Ah...the great foot debate. Shoe the front, shoe all four feet, wear boots, go barefoot. I've spent a great deal of time reading about the pros and cons of each option. I have also been a follower of the Rockley Farm blog for the past two years now.
(Brief interruption about the blog: a lady in the UK has set up a rehabilitation farm to take horses diagnosed lame and unable to even walk comfortably in various therapeutic shoes. She takes the shoes off immediately, sets them outside on various terrain, gives them nutrition and exercise and 12 weeks later sends them home with brand new, sound and pain free feet. If you have any interest at all, I encourage you to check it out. The before and after shots are amazing and if you have the time to scroll through older posts you will see these horses performing on the rockiest trails I've ever seen. All 100% barefoot.)
I am in no way an expert. I know so very little about the horse hoof and function. But I have some common sense and I read a lot. Gem is currently barefoot on all 4 and I don't own any boots. I would like to own boots (I think) but they are expensive as everything in the horse world is and I am still not convinced about them yet. Why is she barefoot?
She wasn't when I first had her join our family. She had front shoes that were grown into her hoof and required an hour of strenuous work to remove a single one. I had her reshod in front because I had always rode a horse with shoes up front and didn't know any better. I kept her shod until winter in WI hit and her feet became packed with ice and snow. I asked our farrier the options which included pulling the shoes or using pads to fill in the foot. I didn't like the idea of pads trapping moisture and who knows what under it and so I had him pull them. I had planned to put them back on in the spring but when spring came and we hit the trails we found them the be either nice soft dirt or sand. The trails up there had very few rocks and even fewer roots and it didn't seem worth it. She did very well and was never hesitant or sore. I did all my 62 "endurance" miles barefoot and some of those trails were rocky. She did fine and was never foot sore.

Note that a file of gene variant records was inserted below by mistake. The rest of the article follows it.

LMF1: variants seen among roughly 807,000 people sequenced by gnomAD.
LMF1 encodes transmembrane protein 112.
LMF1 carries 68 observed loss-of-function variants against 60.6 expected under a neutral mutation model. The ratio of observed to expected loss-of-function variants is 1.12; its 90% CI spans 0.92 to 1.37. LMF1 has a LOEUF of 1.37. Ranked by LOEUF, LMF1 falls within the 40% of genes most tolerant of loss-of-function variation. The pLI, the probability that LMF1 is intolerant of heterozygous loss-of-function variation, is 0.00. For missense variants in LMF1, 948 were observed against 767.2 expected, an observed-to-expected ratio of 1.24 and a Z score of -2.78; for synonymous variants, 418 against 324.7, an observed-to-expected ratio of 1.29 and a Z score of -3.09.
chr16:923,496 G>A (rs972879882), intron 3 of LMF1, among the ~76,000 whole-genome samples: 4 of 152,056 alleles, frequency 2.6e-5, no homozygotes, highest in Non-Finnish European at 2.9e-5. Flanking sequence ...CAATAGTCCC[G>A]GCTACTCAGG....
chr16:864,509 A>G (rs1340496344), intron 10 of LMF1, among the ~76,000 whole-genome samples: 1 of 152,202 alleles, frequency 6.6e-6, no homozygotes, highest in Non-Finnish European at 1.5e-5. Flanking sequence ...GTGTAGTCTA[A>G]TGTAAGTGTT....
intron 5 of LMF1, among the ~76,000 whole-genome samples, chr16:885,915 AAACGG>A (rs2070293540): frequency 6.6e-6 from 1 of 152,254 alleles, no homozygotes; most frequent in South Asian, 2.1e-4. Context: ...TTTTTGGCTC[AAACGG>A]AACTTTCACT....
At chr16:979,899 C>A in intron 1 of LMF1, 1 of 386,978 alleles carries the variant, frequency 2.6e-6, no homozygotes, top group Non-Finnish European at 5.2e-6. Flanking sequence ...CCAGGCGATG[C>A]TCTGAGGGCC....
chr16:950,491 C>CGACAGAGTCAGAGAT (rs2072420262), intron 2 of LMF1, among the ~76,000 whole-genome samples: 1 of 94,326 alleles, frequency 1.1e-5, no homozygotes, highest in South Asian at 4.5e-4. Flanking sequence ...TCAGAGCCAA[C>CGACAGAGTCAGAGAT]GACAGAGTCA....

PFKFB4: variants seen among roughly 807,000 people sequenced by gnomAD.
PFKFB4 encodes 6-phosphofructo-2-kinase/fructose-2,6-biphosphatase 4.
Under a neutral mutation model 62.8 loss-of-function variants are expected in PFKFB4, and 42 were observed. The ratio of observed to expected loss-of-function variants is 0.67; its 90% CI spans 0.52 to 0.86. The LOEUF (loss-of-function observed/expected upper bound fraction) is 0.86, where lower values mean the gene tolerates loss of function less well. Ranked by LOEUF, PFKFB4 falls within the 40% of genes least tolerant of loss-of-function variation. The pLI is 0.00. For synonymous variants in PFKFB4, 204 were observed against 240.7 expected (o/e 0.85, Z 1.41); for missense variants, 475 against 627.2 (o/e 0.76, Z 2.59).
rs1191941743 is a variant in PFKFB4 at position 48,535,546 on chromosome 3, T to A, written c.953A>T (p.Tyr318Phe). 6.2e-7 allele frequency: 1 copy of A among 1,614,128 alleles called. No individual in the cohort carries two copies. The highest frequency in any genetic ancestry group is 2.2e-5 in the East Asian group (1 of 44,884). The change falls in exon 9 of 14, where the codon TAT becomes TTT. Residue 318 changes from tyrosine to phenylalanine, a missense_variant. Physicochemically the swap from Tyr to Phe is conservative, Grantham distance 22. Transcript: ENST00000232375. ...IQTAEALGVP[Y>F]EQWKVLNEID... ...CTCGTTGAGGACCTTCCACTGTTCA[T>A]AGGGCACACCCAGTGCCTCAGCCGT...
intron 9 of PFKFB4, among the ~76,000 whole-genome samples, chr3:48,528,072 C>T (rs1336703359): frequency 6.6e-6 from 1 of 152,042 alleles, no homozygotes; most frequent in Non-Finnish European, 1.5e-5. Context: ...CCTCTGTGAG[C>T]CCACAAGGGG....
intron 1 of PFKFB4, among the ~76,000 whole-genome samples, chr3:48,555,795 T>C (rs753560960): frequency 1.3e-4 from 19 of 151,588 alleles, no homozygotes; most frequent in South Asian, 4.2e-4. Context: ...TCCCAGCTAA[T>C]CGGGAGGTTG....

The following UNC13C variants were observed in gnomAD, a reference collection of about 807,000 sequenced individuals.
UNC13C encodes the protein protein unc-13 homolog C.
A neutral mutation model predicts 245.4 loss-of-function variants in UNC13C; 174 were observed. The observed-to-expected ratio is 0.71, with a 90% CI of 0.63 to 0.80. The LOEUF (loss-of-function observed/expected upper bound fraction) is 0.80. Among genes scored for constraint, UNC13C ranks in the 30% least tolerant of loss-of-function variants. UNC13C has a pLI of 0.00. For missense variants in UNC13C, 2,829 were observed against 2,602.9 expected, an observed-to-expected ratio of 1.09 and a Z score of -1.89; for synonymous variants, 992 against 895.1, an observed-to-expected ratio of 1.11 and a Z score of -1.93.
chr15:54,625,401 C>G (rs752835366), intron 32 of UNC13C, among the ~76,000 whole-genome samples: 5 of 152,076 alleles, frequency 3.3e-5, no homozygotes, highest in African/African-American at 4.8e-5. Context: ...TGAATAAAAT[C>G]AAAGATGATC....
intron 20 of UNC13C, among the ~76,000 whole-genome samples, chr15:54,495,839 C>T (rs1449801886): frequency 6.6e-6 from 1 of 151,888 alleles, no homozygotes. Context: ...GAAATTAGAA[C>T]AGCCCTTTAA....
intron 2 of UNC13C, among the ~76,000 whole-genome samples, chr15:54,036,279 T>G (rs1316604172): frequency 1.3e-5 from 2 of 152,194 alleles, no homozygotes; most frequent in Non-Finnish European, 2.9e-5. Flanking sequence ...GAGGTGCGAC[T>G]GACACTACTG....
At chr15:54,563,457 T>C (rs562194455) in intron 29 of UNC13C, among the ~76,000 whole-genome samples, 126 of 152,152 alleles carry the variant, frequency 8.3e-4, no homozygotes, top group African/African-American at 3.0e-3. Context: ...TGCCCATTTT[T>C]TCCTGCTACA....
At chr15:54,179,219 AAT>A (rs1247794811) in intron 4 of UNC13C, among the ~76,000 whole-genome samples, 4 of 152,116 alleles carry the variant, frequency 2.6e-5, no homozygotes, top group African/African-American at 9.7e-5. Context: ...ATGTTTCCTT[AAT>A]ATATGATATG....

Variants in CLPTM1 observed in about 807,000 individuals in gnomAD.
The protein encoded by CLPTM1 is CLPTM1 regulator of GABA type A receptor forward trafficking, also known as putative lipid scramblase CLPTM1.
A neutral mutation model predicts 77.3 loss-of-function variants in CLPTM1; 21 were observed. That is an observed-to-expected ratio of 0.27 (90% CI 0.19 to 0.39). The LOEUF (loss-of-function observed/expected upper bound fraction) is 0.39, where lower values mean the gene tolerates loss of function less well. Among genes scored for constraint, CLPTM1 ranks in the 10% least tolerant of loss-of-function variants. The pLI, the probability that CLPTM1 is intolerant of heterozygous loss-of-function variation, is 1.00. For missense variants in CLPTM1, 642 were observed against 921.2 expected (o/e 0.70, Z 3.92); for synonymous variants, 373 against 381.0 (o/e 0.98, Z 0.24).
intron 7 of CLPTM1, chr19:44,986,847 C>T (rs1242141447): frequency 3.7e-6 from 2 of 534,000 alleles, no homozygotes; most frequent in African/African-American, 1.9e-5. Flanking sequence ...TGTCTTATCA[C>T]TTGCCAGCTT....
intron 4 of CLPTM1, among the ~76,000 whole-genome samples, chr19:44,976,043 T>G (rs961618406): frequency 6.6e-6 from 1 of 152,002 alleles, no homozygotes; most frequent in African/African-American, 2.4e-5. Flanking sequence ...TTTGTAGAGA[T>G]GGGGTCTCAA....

Then we moved down here. The trails here are either rocky, full of roots or on roads. So far she has done pretty well barefoot. The hunter paces have been on trails as described above and she wasn't foot sore. But I make her walk on the gravel and am very careful with her on the rocky or root filled sections. The trails I have been conditioning her on are also like the above. The wide open sections that aren't twisting and turning through trees are on access roads and either paved or gravel. I ask her to walk these. I am beginning to wonder if I should change her foot strategy and if I do, to what?
Barefoot: To me this is the standard to which I hold my horses. Unless there is a specific reason a horse can't be barefoot, they should be. I like natural and horses are not born with metal nailed to the bottom of their foot. Yes, I know horses today aren't foraging over miles and miles for food, but still. Natural is better. The foot can adapt to terrain, but it does require effort in nutrition and putting those miles on them. In time I hope to figure out how to do a barefoot trim myself because in reality it doesn't seem like it should be that hard to rasp the edges a bit. The Rockley Blog doesn't trim at all - the horse self trims with the miles put on. While I am not quite brave enough to not get her trimmed ever, I have seen myself the difference in her feet now that I am riding her on trails more and more. They just don't need trimmed very often. She has a large pasture that she grazes on (and runs away from me in) and is doing a darn good job of trimming her own feet. In addition to all those reasons, I like the fact that it is less expensive. A barefoot trim here is $35 and we have been doing it every 8 weeks (or actually probably longer than that even). If I ever learned to do it myself it would be free. I also really like the complete lack of stress associated with her barefoot feet. I don't have to call out the farrier on an emergency visit to pull a half twisted off shoe. Or miss a ride because that morning she ripped one off. During a ride she has nothing to lose off her foot and we end just the same as we began. All very big benefits.
The downside is all the rough trails. She hasn't been hesitant to date, but I don't want her to get foot sore. I ask for a walk on the gravel and we lose time and pace doing that. With the winter rain, her feet became softer than I have ever seen before and that did make me worry about her foot health. I'd like to go stomping down any trail without concern. The hubs thinks putting more miles on the rough terrain barefoot will in time strengthen and toughen them up. Rockley Farm would agree with that. And maybe they will. I just don't want a problem to occur before she has a chance to do so.